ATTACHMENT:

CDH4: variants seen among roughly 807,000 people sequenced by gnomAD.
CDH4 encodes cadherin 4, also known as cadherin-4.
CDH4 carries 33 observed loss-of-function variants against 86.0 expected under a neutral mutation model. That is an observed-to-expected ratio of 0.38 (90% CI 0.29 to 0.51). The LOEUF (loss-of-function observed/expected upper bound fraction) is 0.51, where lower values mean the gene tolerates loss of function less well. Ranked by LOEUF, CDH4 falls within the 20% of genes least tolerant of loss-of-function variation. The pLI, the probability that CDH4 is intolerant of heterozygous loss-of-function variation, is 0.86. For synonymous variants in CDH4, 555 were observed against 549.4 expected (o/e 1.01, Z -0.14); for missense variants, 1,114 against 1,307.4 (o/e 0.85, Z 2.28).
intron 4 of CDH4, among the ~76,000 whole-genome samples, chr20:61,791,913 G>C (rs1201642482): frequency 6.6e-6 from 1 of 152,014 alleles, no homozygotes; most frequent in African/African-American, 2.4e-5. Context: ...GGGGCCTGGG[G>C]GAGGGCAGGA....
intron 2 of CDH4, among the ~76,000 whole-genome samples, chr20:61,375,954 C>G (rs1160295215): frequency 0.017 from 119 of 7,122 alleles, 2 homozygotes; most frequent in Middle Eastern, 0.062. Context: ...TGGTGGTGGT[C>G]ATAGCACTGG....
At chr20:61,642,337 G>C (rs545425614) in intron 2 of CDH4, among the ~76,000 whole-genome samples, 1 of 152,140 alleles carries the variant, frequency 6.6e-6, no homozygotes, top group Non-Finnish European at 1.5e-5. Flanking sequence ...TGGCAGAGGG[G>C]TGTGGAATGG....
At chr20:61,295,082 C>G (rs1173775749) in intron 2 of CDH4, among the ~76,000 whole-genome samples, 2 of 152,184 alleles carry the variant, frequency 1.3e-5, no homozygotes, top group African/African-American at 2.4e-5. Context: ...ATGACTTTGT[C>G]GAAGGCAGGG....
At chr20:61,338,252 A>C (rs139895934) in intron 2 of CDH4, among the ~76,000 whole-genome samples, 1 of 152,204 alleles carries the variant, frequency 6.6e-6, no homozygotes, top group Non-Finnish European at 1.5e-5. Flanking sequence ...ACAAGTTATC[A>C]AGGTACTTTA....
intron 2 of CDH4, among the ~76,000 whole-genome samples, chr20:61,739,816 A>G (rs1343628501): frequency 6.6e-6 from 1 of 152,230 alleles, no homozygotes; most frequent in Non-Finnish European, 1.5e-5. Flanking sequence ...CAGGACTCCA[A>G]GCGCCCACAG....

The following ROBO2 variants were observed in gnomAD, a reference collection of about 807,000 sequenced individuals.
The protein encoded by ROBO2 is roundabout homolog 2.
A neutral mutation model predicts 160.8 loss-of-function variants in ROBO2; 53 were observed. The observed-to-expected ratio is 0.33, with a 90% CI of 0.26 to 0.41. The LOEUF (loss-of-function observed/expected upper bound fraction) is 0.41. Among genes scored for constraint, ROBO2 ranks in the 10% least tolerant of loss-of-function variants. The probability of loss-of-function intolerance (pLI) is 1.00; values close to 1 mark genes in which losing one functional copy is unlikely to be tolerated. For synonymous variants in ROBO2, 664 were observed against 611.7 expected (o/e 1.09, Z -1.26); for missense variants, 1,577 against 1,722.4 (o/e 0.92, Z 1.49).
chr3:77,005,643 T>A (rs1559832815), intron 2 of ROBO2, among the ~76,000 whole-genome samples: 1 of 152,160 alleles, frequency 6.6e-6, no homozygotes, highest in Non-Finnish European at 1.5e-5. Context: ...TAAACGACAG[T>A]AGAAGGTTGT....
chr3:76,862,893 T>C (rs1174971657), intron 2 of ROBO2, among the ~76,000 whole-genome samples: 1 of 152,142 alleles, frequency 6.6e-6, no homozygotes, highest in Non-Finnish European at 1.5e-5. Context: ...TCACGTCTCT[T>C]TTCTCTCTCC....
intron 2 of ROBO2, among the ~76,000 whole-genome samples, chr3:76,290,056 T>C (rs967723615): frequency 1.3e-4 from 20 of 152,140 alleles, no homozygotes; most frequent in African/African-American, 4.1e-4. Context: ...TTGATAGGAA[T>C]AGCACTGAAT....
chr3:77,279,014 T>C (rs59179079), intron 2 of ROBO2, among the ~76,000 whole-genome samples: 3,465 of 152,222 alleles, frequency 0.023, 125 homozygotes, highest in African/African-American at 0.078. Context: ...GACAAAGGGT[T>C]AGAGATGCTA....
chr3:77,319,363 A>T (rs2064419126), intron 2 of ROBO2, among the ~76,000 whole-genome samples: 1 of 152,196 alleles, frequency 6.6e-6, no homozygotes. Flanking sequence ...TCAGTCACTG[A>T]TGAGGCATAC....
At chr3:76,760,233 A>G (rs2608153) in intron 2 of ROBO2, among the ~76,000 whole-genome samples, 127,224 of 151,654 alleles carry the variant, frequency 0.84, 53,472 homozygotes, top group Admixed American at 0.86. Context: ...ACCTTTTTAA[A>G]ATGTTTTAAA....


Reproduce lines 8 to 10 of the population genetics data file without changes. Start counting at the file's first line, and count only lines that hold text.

At chr20:61,338,252 A>C (rs139895934) in intron 2 of CDH4, among the ~76,000 whole-genome samples, 1 of 152,204 alleles carries the variant, frequency 6.6e-6, no homozygotes, top group Non-Finnish European at 1.5e-5. Flanking sequence ...ACAAGTTATC[A>C]AGGTACTTTA....
intron 2 of CDH4, among the ~76,000 whole-genome samples, chr20:61,739,816 A>G (rs1343628501): frequency 6.6e-6 from 1 of 152,230 alleles, no homozygotes; most frequent in Non-Finnish European, 1.5e-5. Flanking sequence ...CAGGACTCCA[A>G]GCGCCCACAG....

The following ROBO2 variants were observed in gnomAD, a reference collection of about 807,000 sequenced individuals.